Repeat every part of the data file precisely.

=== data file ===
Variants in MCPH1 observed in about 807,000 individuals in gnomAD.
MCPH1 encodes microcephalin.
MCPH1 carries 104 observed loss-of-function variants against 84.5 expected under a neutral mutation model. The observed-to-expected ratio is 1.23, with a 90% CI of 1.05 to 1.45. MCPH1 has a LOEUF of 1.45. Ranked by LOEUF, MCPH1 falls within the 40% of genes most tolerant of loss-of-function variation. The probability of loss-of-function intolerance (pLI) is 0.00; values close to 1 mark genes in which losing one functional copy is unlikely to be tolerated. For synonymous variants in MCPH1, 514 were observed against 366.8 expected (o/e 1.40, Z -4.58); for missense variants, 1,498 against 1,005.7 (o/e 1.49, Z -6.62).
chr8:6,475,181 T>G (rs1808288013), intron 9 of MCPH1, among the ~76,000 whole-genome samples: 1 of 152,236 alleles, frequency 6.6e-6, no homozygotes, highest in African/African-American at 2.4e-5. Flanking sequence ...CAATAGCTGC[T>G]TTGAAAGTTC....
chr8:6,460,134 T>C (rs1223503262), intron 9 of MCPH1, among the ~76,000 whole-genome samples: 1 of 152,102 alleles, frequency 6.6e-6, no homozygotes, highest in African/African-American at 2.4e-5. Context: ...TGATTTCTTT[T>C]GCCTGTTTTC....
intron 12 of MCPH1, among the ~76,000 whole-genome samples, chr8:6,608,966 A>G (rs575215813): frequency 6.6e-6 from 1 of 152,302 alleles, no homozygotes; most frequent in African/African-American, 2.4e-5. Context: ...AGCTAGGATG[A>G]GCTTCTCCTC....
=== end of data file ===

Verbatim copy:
Variants in MCPH1 observed in about 807,000 individuals in gnomAD.
MCPH1 encodes microcephalin.
MCPH1 carries 104 observed loss-of-function variants against 84.5 expected under a neutral mutation model. The observed-to-expected ratio is 1.23, with a 90% CI of 1.05 to 1.45. MCPH1 has a LOEUF of 1.45. Ranked by LOEUF, MCPH1 falls within the 40% of genes most tolerant of loss-of-function variation. The probability of loss-of-function intolerance (pLI) is 0.00; values close to 1 mark genes in which losing one functional copy is unlikely to be tolerated. For synonymous variants in MCPH1, 514 were observed against 366.8 expected (o/e 1.40, Z -4.58); for missense variants, 1,498 against 1,005.7 (o/e 1.49, Z -6.62).
chr8:6,475,181 T>G (rs1808288013), intron 9 of MCPH1, among the ~76,000 whole-genome samples: 1 of 152,236 alleles, frequency 6.6e-6, no homozygotes, highest in African/African-American at 2.4e-5. Flanking sequence ...CAATAGCTGC[T>G]TTGAAAGTTC....
chr8:6,460,134 T>C (rs1223503262), intron 9 of MCPH1, among the ~76,000 whole-genome samples: 1 of 152,102 alleles, frequency 6.6e-6, no homozygotes, highest in African/African-American at 2.4e-5. Context: ...TGATTTCTTT[T>C]GCCTGTTTTC....
intron 12 of MCPH1, among the ~76,000 whole-genome samples, chr8:6,608,966 A>G (rs575215813): frequency 6.6e-6 from 1 of 152,302 alleles, no homozygotes; most frequent in African/African-American, 2.4e-5. Context: ...AGCTAGGATG[A>G]GCTTCTCCTC....